woensdag 31 augustus 2011


Memory, nature, traditional arcade fun, car boot sales and melancholy. Norfolk had it all this summer. The memorial I encountered on a walk along the coastal path. Who is Morris? Who is Charles? How were they related? Let them be themselves.
Nature in this area is stunning. Fun for the mass and car boot sales are colourful and everywhere. Even at eight in the morning. A house in Blakeney was named Cross Heart Cottage. Like the Dutch saying: every house bears its cross. Live happens at all times. So a cross in the first and the last image; it's the heart that gives value in everything.

donderdag 11 augustus 2011


Which wool do we use for our wonderful cardigans, shawls and woven fabric? Wool that is produced by hurting the sheep with chemicals, such as much of the merino that comes from Australia? Or hand shorn wool locally produced? The everlasting dilemma; how much is needed and how do we produce? The use of wool for clothing dates back 6000 years. Its insulating and absorbing qualities have made it a very useful fibre. It is also copied in synthetic fibres, but they can never be as good as real wool. Cheaper however, that is.
It takes a year for a sheep to grow a fleece. Then it is shorn off, carded so that the fibres are easier to be used. Then it is spun, and either woven into a fabric, knitted or crocheted into a garment. The craft way to do this is very time consuming. Originally this was done next to all the other work on a farm, after the industrial revolution it became possible to do all this on machines. Which made garments cheaper. Good in one way of course; more affordable for everyone.
But it has gone out of hand. The clothing industry that is. As a result wool has lost its value and is often destroyed on farms. Sheep need to be shorn, but the market price for wool is so low it is cheaper for farmers to destroy the wool rather than sell it.
Only the better brands such as Rowan have their wool from local (British) farmers. I like working with their organic wool which is also organically dyed. I'm also happy to have found some farmers from whom I can buy fleeces for spinning myself or use as a filler for my knitted collection items. So wouldn't it be good if all designers and crafters that love wool go to the farmers and collect the wool before it is thrown away? And we should reuse recycled wool as well!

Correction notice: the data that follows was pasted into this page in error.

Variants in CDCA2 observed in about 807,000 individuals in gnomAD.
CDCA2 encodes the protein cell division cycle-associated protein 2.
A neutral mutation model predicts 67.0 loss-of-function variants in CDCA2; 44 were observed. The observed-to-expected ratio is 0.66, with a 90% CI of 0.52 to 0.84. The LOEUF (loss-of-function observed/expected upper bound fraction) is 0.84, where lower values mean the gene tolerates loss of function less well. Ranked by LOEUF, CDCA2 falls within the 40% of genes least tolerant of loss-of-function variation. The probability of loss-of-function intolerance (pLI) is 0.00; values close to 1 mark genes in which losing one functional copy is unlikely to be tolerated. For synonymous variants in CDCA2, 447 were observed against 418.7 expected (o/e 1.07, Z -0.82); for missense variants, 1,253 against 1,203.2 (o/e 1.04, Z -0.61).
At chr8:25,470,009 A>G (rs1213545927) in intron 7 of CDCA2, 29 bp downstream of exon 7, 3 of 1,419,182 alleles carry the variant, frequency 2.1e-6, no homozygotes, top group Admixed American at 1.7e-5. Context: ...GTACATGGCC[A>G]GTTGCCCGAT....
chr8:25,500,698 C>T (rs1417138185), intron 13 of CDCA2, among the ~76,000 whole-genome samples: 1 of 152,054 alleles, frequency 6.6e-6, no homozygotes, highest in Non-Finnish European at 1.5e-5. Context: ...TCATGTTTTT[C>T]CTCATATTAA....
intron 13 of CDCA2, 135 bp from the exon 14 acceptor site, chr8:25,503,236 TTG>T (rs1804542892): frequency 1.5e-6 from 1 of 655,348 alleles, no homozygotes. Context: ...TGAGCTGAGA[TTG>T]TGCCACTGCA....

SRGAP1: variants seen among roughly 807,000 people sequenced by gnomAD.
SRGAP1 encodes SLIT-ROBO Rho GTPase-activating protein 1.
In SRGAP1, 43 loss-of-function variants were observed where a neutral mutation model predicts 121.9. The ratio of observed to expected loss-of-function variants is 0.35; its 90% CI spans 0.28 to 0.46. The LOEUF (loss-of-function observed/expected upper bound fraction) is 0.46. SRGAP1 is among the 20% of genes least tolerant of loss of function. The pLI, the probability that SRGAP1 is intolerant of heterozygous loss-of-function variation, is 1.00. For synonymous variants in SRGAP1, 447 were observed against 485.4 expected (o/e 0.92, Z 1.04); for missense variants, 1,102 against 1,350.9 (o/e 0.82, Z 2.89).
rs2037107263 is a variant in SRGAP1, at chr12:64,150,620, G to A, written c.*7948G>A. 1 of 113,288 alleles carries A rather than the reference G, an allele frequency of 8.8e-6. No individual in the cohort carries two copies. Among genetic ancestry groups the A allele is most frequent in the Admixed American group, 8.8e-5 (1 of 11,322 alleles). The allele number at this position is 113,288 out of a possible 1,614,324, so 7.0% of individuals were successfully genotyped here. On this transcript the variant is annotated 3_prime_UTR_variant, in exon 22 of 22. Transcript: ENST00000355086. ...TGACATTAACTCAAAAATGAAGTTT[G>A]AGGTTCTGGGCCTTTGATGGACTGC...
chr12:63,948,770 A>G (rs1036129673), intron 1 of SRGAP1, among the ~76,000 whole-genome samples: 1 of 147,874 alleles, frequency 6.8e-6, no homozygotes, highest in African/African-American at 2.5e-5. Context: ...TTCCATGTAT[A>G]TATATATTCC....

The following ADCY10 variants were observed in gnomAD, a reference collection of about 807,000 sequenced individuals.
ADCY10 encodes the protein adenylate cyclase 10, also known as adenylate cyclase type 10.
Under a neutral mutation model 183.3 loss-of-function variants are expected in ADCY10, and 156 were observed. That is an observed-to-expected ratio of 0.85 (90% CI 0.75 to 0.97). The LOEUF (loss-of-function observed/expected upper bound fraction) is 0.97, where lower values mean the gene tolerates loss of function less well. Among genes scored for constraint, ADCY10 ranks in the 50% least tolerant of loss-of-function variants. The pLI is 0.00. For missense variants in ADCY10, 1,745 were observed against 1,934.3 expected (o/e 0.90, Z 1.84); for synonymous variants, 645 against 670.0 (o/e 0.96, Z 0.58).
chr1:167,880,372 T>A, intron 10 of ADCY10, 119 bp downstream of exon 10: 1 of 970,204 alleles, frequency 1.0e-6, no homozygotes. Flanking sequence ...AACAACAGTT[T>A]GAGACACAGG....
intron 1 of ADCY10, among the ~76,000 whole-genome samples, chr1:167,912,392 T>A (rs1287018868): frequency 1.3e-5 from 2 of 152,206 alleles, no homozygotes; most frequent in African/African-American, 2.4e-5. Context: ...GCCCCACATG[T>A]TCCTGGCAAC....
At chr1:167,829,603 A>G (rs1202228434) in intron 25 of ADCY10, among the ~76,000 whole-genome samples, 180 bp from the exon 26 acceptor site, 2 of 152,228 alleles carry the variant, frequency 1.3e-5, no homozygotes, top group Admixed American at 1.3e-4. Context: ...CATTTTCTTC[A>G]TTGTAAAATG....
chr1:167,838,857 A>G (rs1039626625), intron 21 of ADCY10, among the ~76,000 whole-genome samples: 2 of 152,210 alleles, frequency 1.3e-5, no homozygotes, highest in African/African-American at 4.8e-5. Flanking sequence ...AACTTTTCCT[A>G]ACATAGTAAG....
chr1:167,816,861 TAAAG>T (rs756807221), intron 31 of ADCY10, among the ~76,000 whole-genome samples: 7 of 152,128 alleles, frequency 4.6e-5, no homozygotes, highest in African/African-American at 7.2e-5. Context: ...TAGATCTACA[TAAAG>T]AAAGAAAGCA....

The amazing sense of the utterly natural product, the many possibilities to use it, the smell, the heritage.... it's my favourite fibre.
In the previous issue of Bloom (from which the images are derived) the mohair wool was celebrated. It's rare and not easy to produce, we should not forget that. But as long as it's don fair and organic it's fine .

dinsdag 9 augustus 2011

Urban Green

While cycling around in Berlin last week we came across the most amazing patch of urban green I've ever seen. Tempelhof flughaven. Originally built in 1890, the airport functioned as 'gateway to heaven' during the division of Berlin for West Berliners to leave the city or country, it is now a wide open space. Almost unreal as far and wide the view is. The buildings are still unused so they look creepy but also radiate a prospective future. Ideas start flowing as you see them. But the landing strips, the grasses, the roads; all is to be used by Berlin citizens. And they do! They cycle, run, play, barbecue in designated areas, have a beer in the 'Biergarten', fly kites, plant their flowers in their allotments, skate and watch. What a potential! 19 Projects are selected to help develop the area, and the 2015 flower show will be held in this 21st century space. Berlin made a leading example with this area. Sustainability, community and nature are key words. Hurray.
(the last photo is by Beau Trincia from New Public Domain who also likes this area)

maandag 8 augustus 2011

The girl who silenced the world

Through the LinkedIn group NPRio+20 someone sent this short film.
A brave girl, who speaks for her generation. She reflects her fear about the future of the planet, and addresses the members of the United Nations. Uncertainty about the future is also reflected in the painting above which I saw last Saturday when I was in the Neue National Galerie in Berlin. The exhibition Modern Times with their amazing collection from 1900 till 1945. In the exhibition design is clearly shown how development in society is paralleled with development in art.
The painting is by Lotte Laserstein and dates from 1930. It's called Abend ├╝ber Potsdam.
Melancholy, uncertainty, threat and austerity we see, but also togetherness in this. Although every person is turned inwards their emotions, their arrangement as a group still portrays they are joint together.
So now watch the speech of the girl and feel the togetherness we need so desperately.